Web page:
Index funds are essentially run by computer algorithms which are programmed to automatically track the market’s up and down peaks. Computerized robots don’t require the same high salary as wall-street hedge managers, so they are significantly cheaper (or even zero cost like in Fidelity), thus those savings are passed along to you. Statistics show that investors pay nearly 9X more in fees for actively managed mutual funds which charge an average of 0.78% per year, while the average index fund’s cost is 0.09%

 This is a stark contrast to the investment objective of actively managed mutual funds which try to “beat the market’s return” (or try to outperform the SP 500 index). But in order to do that, they need to hire a fund manager to pick and choose the investments within the fund.  The cost of the management, in addition to the trading costs, administration, marketing, etc will essentially come out of your net investments return.

This is why the majority of  actively managed mutual funds will greatly under-perform the S&P 500 index over many years, after accounting for fees and cost of the funds.

Therefore, any investor should choose an index fund which will drastically grow your portfolio over time.

5 Reasons Why a Passive Index fund is the Best

  • (1) Low cost fee ~0.09% (compared to active fund fee~0.78%)

  • (2) Better performance with (near) guaranteed market return

    Research indicates that over a span of ten years, an index fund outperforms nearly 80 percent of actively managed funds when fees are taken into account. The beauty of an index fund is its alignment with the market. If the market surges by 28 percent, your fund benefits. And if it drops by 10 percent, there’s no need for panic as the entire market faces a similar decline.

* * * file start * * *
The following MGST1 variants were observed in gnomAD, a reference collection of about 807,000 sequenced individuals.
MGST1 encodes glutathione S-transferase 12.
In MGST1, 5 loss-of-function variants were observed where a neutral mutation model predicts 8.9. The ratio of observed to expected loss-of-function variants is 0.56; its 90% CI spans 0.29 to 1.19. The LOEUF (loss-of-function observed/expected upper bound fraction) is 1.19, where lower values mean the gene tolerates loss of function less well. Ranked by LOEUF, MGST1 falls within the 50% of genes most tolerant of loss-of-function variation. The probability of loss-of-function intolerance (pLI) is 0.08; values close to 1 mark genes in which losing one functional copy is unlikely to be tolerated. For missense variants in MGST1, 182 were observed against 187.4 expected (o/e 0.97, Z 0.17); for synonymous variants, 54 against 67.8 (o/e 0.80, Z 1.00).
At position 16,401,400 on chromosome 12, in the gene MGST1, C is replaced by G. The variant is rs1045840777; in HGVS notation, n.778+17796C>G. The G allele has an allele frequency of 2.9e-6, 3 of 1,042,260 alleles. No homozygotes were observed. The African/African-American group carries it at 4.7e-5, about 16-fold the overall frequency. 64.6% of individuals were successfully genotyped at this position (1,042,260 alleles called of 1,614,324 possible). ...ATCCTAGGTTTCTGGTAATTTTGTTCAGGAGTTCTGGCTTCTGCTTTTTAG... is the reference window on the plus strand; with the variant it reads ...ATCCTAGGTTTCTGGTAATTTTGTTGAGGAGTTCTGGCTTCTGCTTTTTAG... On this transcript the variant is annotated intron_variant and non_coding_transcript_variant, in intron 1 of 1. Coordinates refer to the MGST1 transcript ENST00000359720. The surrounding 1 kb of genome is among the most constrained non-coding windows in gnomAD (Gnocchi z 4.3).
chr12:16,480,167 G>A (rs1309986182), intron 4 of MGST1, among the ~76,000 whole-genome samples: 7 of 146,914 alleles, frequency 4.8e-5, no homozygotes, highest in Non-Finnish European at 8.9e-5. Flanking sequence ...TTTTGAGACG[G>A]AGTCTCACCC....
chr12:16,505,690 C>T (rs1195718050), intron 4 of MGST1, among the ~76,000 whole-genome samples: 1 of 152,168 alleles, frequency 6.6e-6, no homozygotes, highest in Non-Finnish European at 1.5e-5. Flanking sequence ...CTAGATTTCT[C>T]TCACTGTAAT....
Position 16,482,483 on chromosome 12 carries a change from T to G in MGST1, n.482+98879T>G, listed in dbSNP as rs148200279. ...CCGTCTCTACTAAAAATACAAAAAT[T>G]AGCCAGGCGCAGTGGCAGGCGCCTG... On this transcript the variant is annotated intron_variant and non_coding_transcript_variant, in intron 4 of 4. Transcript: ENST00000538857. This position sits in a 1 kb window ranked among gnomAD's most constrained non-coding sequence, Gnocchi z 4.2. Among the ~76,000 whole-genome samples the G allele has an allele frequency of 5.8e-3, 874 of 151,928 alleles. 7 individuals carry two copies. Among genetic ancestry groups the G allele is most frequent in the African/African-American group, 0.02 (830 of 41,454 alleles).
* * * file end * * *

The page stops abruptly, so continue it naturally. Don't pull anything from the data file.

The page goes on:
• (3) More Tax-efficient

    The low turnover rate within an index fund translates to fewer capital gains distributions. This, in turn, means reduced tax liabilities for investors.

  • (4) Time savings

    Opting for an index fund means there’s no need to dive deep into research, keeping tabs on individual stocks, or monitoring specific companies. Especially for professionals like doctors, time can be more productively utilized, whether it’s attending to patients or enhancing our practices.

  • (5) Less Risky

    Investing in an index fund curtails many potential pitfalls an investor might face. For instance, the temptation to pursue a stock, envisioning it to be the next Apple, is curbed. An index fund inherently diversifies your investment across the market, reducing the risk of concentrating too much capital in a single stock.


It’s essential to understand that financial jargon, akin to terms in eye anatomy, has its unique lexicon. By mastering these terms, you’ll be better positioned as an investor, enabling you to sophisticate your portfolio as you see fit.